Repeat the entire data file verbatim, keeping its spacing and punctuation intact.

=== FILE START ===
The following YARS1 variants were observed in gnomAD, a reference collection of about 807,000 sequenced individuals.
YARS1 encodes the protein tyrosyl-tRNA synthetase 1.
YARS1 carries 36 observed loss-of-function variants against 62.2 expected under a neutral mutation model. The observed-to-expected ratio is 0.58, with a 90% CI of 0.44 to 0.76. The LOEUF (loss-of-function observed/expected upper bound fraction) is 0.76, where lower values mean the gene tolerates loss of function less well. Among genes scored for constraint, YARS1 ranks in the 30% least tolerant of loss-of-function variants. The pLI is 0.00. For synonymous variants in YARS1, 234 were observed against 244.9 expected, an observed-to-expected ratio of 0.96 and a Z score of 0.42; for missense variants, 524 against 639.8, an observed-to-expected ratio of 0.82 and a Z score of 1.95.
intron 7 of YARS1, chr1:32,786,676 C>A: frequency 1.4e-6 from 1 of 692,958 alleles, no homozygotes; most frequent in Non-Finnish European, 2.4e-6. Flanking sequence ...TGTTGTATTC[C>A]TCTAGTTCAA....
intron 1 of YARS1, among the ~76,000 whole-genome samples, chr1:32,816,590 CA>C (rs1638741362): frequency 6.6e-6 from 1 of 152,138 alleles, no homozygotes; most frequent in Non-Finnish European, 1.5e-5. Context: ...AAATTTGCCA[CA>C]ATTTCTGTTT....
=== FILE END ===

The following YARS1 variants were observed in gnomAD, a reference collection of about 807,000 sequenced individuals.
YARS1 encodes the protein tyrosyl-tRNA synthetase 1.
YARS1 carries 36 observed loss-of-function variants against 62.2 expected under a neutral mutation model. The observed-to-expected ratio is 0.58, with a 90% CI of 0.44 to 0.76. The LOEUF (loss-of-function observed/expected upper bound fraction) is 0.76, where lower values mean the gene tolerates loss of function less well. Among genes scored for constraint, YARS1 ranks in the 30% least tolerant of loss-of-function variants. The pLI is 0.00. For synonymous variants in YARS1, 234 were observed against 244.9 expected, an observed-to-expected ratio of 0.96 and a Z score of 0.42; for missense variants, 524 against 639.8, an observed-to-expected ratio of 0.82 and a Z score of 1.95.
intron 7 of YARS1, chr1:32,786,676 C>A: frequency 1.4e-6 from 1 of 692,958 alleles, no homozygotes; most frequent in Non-Finnish European, 2.4e-6. Flanking sequence ...TGTTGTATTC[C>A]TCTAGTTCAA....
intron 1 of YARS1, among the ~76,000 whole-genome samples, chr1:32,816,590 CA>C (rs1638741362): frequency 6.6e-6 from 1 of 152,138 alleles, no homozygotes; most frequent in Non-Finnish European, 1.5e-5. Context: ...AAATTTGCCA[CA>C]ATTTCTGTTT....